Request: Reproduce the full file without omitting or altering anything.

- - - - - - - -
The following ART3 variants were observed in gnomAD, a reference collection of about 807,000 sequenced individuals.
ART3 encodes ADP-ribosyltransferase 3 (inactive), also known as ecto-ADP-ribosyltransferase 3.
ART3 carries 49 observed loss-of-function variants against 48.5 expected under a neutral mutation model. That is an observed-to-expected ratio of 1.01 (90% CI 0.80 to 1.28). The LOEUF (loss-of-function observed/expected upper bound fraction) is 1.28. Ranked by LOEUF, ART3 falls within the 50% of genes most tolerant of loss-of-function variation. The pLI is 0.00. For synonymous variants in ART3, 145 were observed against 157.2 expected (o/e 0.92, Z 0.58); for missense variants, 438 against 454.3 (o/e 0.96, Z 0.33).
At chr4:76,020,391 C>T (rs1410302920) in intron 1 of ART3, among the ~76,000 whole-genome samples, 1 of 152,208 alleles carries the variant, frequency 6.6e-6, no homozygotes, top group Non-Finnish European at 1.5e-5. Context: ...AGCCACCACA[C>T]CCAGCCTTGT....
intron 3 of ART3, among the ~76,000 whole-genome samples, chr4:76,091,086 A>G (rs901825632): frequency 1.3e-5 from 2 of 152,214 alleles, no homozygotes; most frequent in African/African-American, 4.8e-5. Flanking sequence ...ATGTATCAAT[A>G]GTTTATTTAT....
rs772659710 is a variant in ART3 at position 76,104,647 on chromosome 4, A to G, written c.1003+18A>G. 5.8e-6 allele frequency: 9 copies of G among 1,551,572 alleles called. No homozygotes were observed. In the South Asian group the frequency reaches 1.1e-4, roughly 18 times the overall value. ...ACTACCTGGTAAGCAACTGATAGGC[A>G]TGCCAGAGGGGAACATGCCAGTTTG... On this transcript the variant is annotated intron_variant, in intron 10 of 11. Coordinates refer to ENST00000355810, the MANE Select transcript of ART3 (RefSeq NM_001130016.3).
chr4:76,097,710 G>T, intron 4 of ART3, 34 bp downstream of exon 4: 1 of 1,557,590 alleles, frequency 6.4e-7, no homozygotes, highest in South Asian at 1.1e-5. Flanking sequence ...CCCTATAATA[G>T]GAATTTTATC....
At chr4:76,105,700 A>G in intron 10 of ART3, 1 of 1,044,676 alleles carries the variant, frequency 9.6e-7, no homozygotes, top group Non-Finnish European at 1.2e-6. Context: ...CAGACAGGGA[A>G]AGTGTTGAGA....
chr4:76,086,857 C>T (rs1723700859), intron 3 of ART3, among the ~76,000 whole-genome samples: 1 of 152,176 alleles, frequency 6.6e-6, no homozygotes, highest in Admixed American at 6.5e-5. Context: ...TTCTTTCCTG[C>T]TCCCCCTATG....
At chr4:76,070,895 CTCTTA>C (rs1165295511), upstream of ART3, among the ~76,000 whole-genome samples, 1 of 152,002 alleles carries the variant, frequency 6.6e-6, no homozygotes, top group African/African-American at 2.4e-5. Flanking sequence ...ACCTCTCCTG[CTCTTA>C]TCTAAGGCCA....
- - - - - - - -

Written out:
The following ART3 variants were observed in gnomAD, a reference collection of about 807,000 sequenced individuals.
ART3 encodes ADP-ribosyltransferase 3 (inactive), also known as ecto-ADP-ribosyltransferase 3.
ART3 carries 49 observed loss-of-function variants against 48.5 expected under a neutral mutation model. That is an observed-to-expected ratio of 1.01 (90% CI 0.80 to 1.28). The LOEUF (loss-of-function observed/expected upper bound fraction) is 1.28. Ranked by LOEUF, ART3 falls within the 50% of genes most tolerant of loss-of-function variation. The pLI is 0.00. For synonymous variants in ART3, 145 were observed against 157.2 expected (o/e 0.92, Z 0.58); for missense variants, 438 against 454.3 (o/e 0.96, Z 0.33).
At chr4:76,020,391 C>T (rs1410302920) in intron 1 of ART3, among the ~76,000 whole-genome samples, 1 of 152,208 alleles carries the variant, frequency 6.6e-6, no homozygotes, top group Non-Finnish European at 1.5e-5. Context: ...AGCCACCACA[C>T]CCAGCCTTGT....
intron 3 of ART3, among the ~76,000 whole-genome samples, chr4:76,091,086 A>G (rs901825632): frequency 1.3e-5 from 2 of 152,214 alleles, no homozygotes; most frequent in African/African-American, 4.8e-5. Flanking sequence ...ATGTATCAAT[A>G]GTTTATTTAT....
rs772659710 is a variant in ART3 at position 76,104,647 on chromosome 4, A to G, written c.1003+18A>G. 5.8e-6 allele frequency: 9 copies of G among 1,551,572 alleles called. No homozygotes were observed. In the South Asian group the frequency reaches 1.1e-4, roughly 18 times the overall value. ...ACTACCTGGTAAGCAACTGATAGGC[A>G]TGCCAGAGGGGAACATGCCAGTTTG... On this transcript the variant is annotated intron_variant, in intron 10 of 11. Coordinates refer to ENST00000355810, the MANE Select transcript of ART3 (RefSeq NM_001130016.3).
chr4:76,097,710 G>T, intron 4 of ART3, 34 bp downstream of exon 4: 1 of 1,557,590 alleles, frequency 6.4e-7, no homozygotes, highest in South Asian at 1.1e-5. Flanking sequence ...CCCTATAATA[G>T]GAATTTTATC....
At chr4:76,105,700 A>G in intron 10 of ART3, 1 of 1,044,676 alleles carries the variant, frequency 9.6e-7, no homozygotes, top group Non-Finnish European at 1.2e-6. Context: ...CAGACAGGGA[A>G]AGTGTTGAGA....
chr4:76,086,857 C>T (rs1723700859), intron 3 of ART3, among the ~76,000 whole-genome samples: 1 of 152,176 alleles, frequency 6.6e-6, no homozygotes, highest in Admixed American at 6.5e-5. Context: ...TTCTTTCCTG[C>T]TCCCCCTATG....
At chr4:76,070,895 CTCTTA>C (rs1165295511), upstream of ART3, among the ~76,000 whole-genome samples, 1 of 152,002 alleles carries the variant, frequency 6.6e-6, no homozygotes, top group African/African-American at 2.4e-5. Flanking sequence ...ACCTCTCCTG[CTCTTA>C]TCTAAGGCCA....